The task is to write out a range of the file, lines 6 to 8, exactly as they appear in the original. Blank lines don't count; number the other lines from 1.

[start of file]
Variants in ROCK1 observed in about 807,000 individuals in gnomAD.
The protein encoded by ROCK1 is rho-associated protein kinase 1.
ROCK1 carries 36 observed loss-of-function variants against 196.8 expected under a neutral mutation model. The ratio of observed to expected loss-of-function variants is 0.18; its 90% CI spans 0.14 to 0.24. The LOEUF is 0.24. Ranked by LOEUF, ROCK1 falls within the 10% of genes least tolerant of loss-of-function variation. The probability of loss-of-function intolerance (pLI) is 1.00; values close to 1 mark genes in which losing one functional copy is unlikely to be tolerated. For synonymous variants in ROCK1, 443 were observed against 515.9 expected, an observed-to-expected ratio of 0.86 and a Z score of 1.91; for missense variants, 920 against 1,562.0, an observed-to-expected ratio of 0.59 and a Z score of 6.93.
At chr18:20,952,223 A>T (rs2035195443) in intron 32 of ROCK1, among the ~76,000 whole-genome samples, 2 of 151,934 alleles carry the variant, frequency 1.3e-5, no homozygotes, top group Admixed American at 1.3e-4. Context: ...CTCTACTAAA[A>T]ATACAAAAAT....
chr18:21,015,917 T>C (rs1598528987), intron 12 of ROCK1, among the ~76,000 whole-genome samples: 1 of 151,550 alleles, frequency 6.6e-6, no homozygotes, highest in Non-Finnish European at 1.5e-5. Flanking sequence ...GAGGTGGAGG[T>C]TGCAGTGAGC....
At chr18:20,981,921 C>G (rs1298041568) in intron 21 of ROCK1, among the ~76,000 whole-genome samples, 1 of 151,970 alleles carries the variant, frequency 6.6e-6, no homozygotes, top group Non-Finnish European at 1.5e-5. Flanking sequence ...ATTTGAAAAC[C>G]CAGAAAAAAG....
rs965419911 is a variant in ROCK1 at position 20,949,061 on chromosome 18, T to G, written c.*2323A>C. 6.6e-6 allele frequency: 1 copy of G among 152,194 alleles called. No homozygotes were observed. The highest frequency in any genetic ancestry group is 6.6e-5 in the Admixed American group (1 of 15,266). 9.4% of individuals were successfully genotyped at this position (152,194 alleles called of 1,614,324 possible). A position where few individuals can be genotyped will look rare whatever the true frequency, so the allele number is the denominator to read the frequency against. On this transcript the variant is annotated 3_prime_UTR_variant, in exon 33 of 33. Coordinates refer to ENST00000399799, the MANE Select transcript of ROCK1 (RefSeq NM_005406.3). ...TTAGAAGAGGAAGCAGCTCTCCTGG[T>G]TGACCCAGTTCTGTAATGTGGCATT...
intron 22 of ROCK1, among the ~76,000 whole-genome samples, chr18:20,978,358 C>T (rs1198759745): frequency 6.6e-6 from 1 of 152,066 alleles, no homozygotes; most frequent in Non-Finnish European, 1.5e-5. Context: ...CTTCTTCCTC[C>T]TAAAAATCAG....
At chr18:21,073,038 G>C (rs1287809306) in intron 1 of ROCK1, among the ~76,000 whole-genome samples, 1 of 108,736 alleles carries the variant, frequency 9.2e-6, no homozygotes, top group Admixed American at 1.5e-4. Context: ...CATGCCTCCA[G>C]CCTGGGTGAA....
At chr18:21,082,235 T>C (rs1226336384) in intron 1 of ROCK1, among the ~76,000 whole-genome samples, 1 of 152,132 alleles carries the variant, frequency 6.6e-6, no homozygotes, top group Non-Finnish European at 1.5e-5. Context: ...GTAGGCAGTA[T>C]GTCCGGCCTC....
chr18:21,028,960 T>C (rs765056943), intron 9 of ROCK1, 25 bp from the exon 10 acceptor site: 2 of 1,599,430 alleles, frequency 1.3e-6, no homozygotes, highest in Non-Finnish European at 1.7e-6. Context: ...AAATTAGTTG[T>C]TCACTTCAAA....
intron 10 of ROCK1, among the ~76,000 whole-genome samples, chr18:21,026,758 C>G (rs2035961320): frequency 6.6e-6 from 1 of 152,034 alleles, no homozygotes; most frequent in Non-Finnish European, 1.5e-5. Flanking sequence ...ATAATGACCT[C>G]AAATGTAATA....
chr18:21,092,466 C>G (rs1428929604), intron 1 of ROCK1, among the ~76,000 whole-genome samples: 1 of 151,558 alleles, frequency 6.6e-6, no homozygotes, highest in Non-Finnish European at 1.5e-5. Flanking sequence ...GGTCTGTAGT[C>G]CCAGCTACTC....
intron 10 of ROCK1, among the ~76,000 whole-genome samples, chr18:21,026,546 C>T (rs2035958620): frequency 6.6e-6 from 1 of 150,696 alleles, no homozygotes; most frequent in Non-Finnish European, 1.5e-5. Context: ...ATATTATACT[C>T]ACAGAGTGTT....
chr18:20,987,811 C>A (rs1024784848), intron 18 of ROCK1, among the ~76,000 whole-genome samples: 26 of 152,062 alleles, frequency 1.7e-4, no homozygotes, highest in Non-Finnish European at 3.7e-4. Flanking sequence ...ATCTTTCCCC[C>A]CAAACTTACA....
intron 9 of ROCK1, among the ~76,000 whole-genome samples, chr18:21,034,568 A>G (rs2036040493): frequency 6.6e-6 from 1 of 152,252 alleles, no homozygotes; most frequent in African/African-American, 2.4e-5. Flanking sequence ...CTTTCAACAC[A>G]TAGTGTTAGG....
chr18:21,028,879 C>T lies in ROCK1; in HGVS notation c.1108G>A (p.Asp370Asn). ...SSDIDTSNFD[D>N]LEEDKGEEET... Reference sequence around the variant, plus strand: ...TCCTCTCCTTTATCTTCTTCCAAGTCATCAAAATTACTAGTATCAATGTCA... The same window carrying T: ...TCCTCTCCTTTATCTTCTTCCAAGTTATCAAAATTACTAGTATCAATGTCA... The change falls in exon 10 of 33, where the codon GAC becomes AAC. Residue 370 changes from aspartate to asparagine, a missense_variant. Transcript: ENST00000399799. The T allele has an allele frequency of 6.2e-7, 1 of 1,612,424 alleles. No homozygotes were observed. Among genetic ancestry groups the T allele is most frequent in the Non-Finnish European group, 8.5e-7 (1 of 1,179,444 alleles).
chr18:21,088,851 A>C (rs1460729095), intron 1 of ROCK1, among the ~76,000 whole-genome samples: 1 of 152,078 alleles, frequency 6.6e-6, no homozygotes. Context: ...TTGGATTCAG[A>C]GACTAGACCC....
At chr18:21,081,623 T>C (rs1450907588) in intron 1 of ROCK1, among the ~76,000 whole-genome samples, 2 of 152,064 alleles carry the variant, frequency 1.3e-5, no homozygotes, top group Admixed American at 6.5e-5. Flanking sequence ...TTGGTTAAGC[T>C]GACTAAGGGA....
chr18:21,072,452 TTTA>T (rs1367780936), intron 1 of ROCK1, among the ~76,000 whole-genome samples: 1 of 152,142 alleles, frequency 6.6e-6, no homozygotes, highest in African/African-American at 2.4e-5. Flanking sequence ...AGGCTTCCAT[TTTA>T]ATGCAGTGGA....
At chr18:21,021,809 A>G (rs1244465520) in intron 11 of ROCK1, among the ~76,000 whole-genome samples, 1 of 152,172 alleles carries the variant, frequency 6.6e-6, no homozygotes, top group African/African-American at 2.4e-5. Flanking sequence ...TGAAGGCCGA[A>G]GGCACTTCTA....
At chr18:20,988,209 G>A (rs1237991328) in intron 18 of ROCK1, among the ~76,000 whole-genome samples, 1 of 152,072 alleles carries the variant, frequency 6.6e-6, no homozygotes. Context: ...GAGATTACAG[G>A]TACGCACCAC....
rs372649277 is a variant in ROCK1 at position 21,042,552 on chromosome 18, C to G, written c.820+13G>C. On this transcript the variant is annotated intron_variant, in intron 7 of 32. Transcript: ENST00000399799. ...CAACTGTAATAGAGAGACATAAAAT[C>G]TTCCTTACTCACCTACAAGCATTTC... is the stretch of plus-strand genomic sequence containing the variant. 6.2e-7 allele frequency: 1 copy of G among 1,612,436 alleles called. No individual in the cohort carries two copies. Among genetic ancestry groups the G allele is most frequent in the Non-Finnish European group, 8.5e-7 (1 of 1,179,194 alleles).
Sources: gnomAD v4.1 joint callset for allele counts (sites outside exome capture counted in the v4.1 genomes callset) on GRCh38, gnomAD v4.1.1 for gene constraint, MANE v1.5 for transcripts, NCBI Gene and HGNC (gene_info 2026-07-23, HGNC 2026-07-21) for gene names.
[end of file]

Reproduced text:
At chr18:20,981,921 C>G (rs1298041568) in intron 21 of ROCK1, among the ~76,000 whole-genome samples, 1 of 151,970 alleles carries the variant, frequency 6.6e-6, no homozygotes, top group Non-Finnish European at 1.5e-5. Flanking sequence ...ATTTGAAAAC[C>G]CAGAAAAAAG....
rs965419911 is a variant in ROCK1 at position 20,949,061 on chromosome 18, T to G, written c.*2323A>C. 6.6e-6 allele frequency: 1 copy of G among 152,194 alleles called. No homozygotes were observed. The highest frequency in any genetic ancestry group is 6.6e-5 in the Admixed American group (1 of 15,266). 9.4% of individuals were successfully genotyped at this position (152,194 alleles called of 1,614,324 possible). A position where few individuals can be genotyped will look rare whatever the true frequency, so the allele number is the denominator to read the frequency against. On this transcript the variant is annotated 3_prime_UTR_variant, in exon 33 of 33. Coordinates refer to ENST00000399799, the MANE Select transcript of ROCK1 (RefSeq NM_005406.3). ...TTAGAAGAGGAAGCAGCTCTCCTGG[T>G]TGACCCAGTTCTGTAATGTGGCATT...
intron 22 of ROCK1, among the ~76,000 whole-genome samples, chr18:20,978,358 C>T (rs1198759745): frequency 6.6e-6 from 1 of 152,066 alleles, no homozygotes; most frequent in Non-Finnish European, 1.5e-5. Context: ...CTTCTTCCTC[C>T]TAAAAATCAG....